Therapies for non-motor symptoms of PD in clinical trials

The pipeline for Parkinson’s disease (PD) medications is extremely crowded these days, with multiple medications at various stages of research and development. Currently most of the approved medications for PD address the motor symptoms of PD – tremor, slowness, stiffness, and walking difficulties. Medications are also available to help people overcome OFF time or improve dyskinesias.
Clinical Trials for Non-Motor Symptoms of PD
One of the major unmet needs in PD treatment is therapies for non-motor symptoms  (such as cognitive issues, psychosis, constipation and others) as these can have a significant effect on daily quality of life for both the person living with PD and their care partner. Therefore, it is particularly exciting to witness compounds being studied in clinical trials for these symptoms. Many of the currently active clinical trials for non-motor symptoms involve studying medications that are already approved for other diseases or uses, in hopes of determining if the medication also works for a particular symptom in the context of PD. Although these trials are crucial, this blog will focus on clinical trials of newly developed compounds aimed to specifically treat non-motor symptoms in PD.
If you are interested in getting involved in a clinical trial, is a website that you should know about. It is a database of all clinical trials for all diseases worldwide. When a clinical trial is registered with the site, it is assigned a unique number called the National Clinical Trial (NCT) number. I will be referring to these numbers as I outline the clinical trials that are being conducted for newly developed compounds for non-motor symptoms of Parkinson’s disease so that you can learn more about them if you’re interested in participating in the trial.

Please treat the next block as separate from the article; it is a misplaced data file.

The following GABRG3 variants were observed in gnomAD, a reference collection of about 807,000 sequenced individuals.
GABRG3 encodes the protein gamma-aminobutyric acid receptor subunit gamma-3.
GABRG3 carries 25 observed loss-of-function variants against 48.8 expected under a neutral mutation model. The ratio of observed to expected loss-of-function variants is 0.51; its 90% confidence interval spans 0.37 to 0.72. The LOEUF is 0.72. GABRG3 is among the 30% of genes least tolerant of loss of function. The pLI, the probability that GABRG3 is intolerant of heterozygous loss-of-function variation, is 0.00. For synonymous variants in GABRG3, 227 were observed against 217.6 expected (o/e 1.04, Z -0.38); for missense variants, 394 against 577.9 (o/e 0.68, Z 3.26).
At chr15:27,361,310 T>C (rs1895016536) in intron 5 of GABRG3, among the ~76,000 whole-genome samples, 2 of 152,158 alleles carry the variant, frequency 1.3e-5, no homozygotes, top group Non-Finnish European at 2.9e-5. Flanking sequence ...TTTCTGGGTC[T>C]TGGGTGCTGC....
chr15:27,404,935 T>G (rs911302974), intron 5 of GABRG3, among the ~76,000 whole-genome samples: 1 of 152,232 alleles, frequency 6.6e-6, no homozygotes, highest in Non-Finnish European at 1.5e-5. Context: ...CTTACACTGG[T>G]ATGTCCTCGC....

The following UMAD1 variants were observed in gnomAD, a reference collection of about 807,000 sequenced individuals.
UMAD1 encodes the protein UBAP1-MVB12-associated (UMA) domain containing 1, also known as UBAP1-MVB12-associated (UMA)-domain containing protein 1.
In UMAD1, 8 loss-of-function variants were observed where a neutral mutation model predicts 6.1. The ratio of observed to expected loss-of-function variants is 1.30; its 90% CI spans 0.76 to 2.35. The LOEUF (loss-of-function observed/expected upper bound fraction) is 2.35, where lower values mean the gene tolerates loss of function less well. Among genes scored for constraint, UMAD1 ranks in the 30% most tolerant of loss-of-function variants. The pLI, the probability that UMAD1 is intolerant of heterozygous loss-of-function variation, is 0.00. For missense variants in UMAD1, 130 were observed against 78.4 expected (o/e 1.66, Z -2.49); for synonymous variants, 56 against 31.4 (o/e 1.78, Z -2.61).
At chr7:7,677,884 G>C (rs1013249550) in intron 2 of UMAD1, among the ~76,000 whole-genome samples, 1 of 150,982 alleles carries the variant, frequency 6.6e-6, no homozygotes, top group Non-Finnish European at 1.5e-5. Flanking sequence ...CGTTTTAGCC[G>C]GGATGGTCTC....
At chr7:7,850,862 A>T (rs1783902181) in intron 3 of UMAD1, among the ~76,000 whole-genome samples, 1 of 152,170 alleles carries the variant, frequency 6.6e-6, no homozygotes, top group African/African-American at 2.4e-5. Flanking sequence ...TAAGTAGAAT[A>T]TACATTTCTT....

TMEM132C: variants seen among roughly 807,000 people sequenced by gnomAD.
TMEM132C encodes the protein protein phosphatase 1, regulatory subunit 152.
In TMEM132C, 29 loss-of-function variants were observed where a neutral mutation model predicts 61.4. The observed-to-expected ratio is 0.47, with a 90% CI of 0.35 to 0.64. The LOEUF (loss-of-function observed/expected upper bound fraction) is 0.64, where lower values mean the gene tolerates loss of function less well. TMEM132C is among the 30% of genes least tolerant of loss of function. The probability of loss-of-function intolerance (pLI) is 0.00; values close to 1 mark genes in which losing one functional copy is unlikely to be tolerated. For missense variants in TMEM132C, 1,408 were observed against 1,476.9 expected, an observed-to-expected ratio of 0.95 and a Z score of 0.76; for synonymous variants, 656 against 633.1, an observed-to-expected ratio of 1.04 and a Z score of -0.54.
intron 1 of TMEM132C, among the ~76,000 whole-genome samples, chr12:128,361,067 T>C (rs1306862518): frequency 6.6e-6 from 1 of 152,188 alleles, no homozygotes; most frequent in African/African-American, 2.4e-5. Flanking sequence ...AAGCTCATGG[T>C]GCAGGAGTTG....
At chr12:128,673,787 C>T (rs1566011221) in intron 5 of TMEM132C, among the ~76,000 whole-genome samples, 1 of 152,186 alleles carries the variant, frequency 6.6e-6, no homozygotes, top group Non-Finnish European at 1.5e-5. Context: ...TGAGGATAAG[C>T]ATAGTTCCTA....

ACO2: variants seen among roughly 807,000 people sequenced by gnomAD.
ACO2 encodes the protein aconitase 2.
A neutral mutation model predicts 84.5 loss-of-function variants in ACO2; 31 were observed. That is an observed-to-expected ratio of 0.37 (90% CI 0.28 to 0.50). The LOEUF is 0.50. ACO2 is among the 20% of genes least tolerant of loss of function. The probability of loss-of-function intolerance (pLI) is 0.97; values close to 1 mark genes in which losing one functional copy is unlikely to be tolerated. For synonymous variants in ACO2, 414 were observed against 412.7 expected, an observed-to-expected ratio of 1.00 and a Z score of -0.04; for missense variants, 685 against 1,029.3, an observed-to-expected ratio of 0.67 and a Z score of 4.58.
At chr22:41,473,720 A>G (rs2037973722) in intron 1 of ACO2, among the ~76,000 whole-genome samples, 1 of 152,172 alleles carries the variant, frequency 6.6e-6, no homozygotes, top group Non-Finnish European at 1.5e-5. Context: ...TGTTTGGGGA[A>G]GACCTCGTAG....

Treating Non-Motor Symptoms of Parkinson’s Disease
Treatment of cognitive difficulties in PD is a major unmet need. There is only one medication approved for PD dementia, called rivastigmine, and its effects are mild. Research efforts are focused on trying to develop new therapies to improve this symptom.

SAGE-718 is an NMDA receptor positive allosteric modulator, a molecule that enhances the activity of the NMDA receptor. It is currently being studied in a Phase 2 open label trial (meaning that everyone receives the active compound and no one receives a placebo) for people with PD and mild cognitive impairment (NCT04476017). In order to be considered for the trial, participants must have a Montreal cognitive assessment (MoCA) of 20-25 (a range of scores meant to target people with mild cognitive impairment.)

This molecule has previously been tested in Phase I clinical trials, in both healthy people and people with Huntington’s disease (HD). Healthy people were given a molecule that blocks the NMDA receptor before administration of SAGE-718 or placebo. Those receiving SAGE-718 showed a statistically significant improvement of measures of working memory and complex problem solving. The molecule was also tested in six people with HD, a neurodegenerative condition that often results in dementia and although is very distinct from PD, does share some of its features. This study was open label (no placebo group). Participants